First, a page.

Letter: Defensive medicine

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The Independent Culture
Sir: Marina Cantacuzino's article, "Birth pains which end in tragedy" (9 November) keenly illustrates the problems generated by our system of compensation for medical negligence.

Although the NHS complaints procedure is designed to give patients maximum information, the tendency of clinicians to go into "defence mode" is understandable. Admissions of culpability leave oneself open to professional censure (as witnessed in the case of the Bristol cardiac surgeons) and litigation.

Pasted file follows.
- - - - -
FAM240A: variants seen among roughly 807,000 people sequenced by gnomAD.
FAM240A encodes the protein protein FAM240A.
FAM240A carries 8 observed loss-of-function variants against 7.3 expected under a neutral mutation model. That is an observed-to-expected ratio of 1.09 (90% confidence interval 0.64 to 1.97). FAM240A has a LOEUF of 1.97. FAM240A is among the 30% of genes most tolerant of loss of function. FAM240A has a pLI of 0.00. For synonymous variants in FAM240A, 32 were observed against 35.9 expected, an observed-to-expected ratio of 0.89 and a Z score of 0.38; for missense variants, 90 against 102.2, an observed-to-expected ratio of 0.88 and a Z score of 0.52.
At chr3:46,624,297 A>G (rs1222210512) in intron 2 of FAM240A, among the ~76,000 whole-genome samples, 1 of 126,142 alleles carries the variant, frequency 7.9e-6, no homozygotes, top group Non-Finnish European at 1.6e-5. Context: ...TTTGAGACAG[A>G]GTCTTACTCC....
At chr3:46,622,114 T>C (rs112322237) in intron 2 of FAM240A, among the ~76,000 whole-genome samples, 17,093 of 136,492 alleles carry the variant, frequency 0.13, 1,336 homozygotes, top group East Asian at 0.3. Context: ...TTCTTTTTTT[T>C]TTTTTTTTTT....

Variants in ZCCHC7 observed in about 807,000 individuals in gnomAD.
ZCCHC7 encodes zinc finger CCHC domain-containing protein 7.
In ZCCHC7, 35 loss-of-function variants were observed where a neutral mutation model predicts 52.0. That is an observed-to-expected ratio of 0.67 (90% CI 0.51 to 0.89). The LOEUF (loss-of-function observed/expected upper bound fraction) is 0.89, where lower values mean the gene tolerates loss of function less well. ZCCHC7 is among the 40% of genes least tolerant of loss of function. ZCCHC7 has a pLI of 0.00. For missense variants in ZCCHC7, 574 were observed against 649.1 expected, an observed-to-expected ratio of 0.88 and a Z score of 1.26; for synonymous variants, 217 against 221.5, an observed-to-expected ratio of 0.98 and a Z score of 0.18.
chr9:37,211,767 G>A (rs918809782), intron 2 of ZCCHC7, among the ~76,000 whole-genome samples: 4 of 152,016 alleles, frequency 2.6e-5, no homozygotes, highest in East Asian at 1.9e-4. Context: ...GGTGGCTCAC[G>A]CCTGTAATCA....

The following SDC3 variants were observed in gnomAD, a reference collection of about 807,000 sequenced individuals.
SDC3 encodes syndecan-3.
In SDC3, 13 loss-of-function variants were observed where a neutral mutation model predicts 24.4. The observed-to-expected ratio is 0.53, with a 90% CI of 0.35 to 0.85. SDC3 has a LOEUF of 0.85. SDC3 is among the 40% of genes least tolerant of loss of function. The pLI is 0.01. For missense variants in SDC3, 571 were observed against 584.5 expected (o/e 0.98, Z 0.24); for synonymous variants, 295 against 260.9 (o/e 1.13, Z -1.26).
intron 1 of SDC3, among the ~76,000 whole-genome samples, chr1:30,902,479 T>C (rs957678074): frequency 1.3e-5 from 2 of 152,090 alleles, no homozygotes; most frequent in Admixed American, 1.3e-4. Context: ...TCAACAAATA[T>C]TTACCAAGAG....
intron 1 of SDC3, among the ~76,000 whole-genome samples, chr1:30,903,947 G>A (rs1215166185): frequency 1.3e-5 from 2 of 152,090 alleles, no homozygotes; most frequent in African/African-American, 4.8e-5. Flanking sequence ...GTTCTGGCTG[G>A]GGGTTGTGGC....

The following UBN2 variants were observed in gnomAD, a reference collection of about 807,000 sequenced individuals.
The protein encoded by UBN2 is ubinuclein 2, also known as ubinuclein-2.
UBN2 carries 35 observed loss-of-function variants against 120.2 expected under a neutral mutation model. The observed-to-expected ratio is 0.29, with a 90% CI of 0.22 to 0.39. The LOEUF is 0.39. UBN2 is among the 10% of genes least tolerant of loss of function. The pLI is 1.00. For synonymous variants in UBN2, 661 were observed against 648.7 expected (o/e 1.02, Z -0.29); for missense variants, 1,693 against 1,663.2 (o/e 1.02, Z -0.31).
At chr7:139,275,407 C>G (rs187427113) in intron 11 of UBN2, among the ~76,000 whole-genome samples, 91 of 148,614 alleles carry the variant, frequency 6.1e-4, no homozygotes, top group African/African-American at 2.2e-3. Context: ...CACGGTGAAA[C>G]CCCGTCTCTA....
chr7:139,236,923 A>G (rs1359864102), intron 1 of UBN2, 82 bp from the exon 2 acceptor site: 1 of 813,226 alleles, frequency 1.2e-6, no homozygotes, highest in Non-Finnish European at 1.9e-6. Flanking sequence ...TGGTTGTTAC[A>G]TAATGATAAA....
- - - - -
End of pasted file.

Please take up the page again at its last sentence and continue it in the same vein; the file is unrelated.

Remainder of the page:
Contrary to popular belief, as well as that of many solicitors, NHS trusts are not insured against medical negligence claims and it is they who foot the bill. Couple this with the fallibility of the medical profession, the impossibility of predicting and preventing many of the adverse consequences of childbirth and a system of health care provision predicated on a localised budget (NHS trusts), and is it any wonder that doctors are reluctant to own up and say sorry?

If the NHS really wants a method of telling patients the truth when things go wrong, the system of compensation for victims of medical accidents and negligence must be centralised. This would also reduce the suffering of those who have to pursue an adversarial course for years before receiving justice and fairly compensate those whose children, for example, are damaged by a medical accident and are currently entitled to very little.


Consultant Obstetrician and Gynaecologist

Winterton, Lincolnshire